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The Interview: Mayer Vafi, co-founder and creative director, Norden

Marcus Jaye
15 April 2019

In an ideal world, we’d wear things, they’d have a full life, and, when they were finished with, the only lasting memory would be a picture on Instagram. Pouf!

“Sustainability” is a word that needs definition and investigation, especially with its overuse, at the moment. Sticking the word “sustainable” onto things and then hoping there aren’t too many probing questions just doesn’t cut it anymore.

A brand starting to make more sense is Norden; a new Canadian outerwear brand specialising in coats made entirely from plastic bottles and fully committed to finding solutions to convert unwanted garments into the raw materials for a new one.

Born in the Middle East, Mayer Vafi, 38, from Montreal, Canada, is co-founder of Norden. Formerly the creative and sales director of Pajar Outerwear, Norden is the first product line under his “Better Narrative” parent company.

Started in 2016, Norden is currently available in Canada and the USA, with future markets including Germany, Sweden and Japan. Vafi was at the recent CIFF trade show in Copenhagen in February showcasing his brand to the European market for AW19. "I have a partner, a co-founder, his name is Michael Eliesen. Without him, this would all still be a figment of my imagination,” says Vafi.

“Norden exists to show that better business practices do exist. We fill the gap of the customer wanting to have a functional product without the cost of animal or planet. All our goods are PETA certified and made from recycled plastic,” he says.

Each Norden jacket is made from between 25 to 99 recycled plastic bottles and costs between CAN $325 and $485. According to the brand, its jacket manufacturing processes consume 45% less energy, 20% less water and 30% less green gas emissions compared to other standard outerwear. There’s even the current green accessory du jour inside each jacket; a reusable water bottle.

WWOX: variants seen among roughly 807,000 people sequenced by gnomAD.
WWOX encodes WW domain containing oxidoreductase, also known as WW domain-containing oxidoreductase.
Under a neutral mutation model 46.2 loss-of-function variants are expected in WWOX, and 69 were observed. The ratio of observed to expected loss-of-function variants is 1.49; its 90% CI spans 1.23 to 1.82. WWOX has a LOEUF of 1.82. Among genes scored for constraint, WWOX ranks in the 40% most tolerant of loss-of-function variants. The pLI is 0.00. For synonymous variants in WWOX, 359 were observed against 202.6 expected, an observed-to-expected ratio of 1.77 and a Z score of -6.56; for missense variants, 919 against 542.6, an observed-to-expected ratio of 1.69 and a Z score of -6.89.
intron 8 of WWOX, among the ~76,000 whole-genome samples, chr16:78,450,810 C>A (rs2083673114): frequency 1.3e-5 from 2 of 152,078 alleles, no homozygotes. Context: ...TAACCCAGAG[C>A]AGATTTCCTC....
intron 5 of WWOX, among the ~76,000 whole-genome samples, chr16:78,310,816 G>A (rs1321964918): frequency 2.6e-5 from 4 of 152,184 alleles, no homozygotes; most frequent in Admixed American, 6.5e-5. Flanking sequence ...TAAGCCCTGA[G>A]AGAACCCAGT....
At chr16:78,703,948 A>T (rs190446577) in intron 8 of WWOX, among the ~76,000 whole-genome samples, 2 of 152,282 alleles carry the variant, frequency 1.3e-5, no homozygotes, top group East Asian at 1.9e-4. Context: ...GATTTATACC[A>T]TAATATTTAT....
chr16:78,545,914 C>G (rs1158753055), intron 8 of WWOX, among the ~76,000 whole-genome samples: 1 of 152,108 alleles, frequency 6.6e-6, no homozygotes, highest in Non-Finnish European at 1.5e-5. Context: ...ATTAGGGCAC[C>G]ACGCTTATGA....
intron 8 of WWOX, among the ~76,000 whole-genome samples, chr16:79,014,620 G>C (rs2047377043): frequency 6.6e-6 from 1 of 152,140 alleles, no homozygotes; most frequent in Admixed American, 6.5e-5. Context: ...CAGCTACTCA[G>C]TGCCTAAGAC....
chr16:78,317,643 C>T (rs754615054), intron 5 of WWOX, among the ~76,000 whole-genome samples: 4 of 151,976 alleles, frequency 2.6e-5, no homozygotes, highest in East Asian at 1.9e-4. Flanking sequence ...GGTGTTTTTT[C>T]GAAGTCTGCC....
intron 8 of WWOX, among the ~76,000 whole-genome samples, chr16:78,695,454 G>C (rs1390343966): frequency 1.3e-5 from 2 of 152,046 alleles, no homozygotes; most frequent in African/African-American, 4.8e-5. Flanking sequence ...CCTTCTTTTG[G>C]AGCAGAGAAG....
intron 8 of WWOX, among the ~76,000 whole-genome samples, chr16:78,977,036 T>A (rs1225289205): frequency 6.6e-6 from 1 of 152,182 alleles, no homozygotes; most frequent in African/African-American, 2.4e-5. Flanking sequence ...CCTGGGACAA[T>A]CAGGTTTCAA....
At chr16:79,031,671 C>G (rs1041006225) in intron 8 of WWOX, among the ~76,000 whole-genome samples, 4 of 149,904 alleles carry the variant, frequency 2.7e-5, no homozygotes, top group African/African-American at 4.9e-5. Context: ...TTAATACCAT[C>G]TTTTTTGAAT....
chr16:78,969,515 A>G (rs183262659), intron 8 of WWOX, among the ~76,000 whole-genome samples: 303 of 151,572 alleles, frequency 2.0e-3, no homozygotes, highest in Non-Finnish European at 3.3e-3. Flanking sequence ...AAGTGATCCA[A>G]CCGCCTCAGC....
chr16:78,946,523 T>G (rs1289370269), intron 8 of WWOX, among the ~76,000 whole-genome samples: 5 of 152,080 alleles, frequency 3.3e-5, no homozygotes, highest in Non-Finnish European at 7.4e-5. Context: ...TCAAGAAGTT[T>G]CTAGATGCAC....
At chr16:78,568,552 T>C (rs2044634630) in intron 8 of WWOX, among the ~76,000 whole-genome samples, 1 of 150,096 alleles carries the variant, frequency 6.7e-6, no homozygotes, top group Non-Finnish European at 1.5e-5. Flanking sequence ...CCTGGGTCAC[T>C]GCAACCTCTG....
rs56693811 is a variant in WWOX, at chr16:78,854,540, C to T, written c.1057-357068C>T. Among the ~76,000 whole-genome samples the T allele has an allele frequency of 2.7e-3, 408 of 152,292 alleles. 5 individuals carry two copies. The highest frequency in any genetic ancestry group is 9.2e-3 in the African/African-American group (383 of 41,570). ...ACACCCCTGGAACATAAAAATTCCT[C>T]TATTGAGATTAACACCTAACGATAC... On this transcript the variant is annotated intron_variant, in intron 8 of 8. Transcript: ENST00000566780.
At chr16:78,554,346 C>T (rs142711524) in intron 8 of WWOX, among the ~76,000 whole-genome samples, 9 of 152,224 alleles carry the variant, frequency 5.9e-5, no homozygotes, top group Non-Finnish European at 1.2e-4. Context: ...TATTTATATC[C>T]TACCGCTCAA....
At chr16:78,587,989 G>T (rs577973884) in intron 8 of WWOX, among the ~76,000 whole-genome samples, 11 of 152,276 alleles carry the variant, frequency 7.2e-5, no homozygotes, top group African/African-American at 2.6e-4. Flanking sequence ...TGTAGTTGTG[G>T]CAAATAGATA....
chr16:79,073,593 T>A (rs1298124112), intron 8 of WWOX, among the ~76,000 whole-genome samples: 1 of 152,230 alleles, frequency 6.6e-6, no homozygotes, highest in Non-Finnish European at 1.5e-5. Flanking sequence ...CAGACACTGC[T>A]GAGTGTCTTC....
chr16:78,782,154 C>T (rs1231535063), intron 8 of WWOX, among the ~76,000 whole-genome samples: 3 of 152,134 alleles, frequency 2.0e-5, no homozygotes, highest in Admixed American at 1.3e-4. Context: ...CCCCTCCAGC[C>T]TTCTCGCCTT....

“The coat lining, insulation and shell fabric are made from recycled plastic. The yarn we use is from REPREVE, and completely traceable.” says Vafi.

Norden’s "U-Trust" verification program provides customers with comprehensive certification designed for a high level of transparency. While its “Fiber Print” technology validates the authenticity of its products with complete analysis of all fabrications to support its certifications. All the garments are free of fur, feathers, leather and all other animal by-products.

Norden means “Scandinavia” and in Dutch it means “North”. Vafi is the creative director. “Outerwear is a necessity, in our market [Canada], it’s not a fashion or trend. If you do not have a warm outerwear piece, you can freeze to death,” he says. “The Lead Designer is Renata Begic. She takes my doodles and makes them into a reality.”

Available for both men and women, Norden is being responsible for its products, long term. It invites the customer, after a minimum of three winter seasons, to swap their garment for an updated one. It will provide a discount code of 40% that can be applied towards a new purchase.

That being said, it isn’t entirely sure what should be done with the returned jackets. Should it donate them? Should it refurbish and sell them? Should it convert them into accessories? These are all great ideas, but its goal is to prevent anything it produces from going into a landfill. That’s why it is working on finding a solution to convert unwanted garments into new ones. Its goal is to become a closed-loop production system and work towards a better narrative.

Canadians are leaders in colder weather outerwear, but the market is crowded. “Let’s just say it’s not always travel and glam, my first years in this business were spent steaming samples!” says Vafi. “It’s a long road, but if you have the stomach for the downs, the ups are great,” he says.

Norden does feel different. It feels like a step forward. If it can close the loop and actually make new jackets out of its old ones then it has a more sustainable model that actually makes sense. At the moment, technology and economics are stopping this from happening, but it feels like we’re on the eve of a breakthrough in this area.

“We will continue to stand out by offering apparel made from recycled waste. All our products will be functional with no compromise in styling. Sustainability can and will be sexy!” he says.

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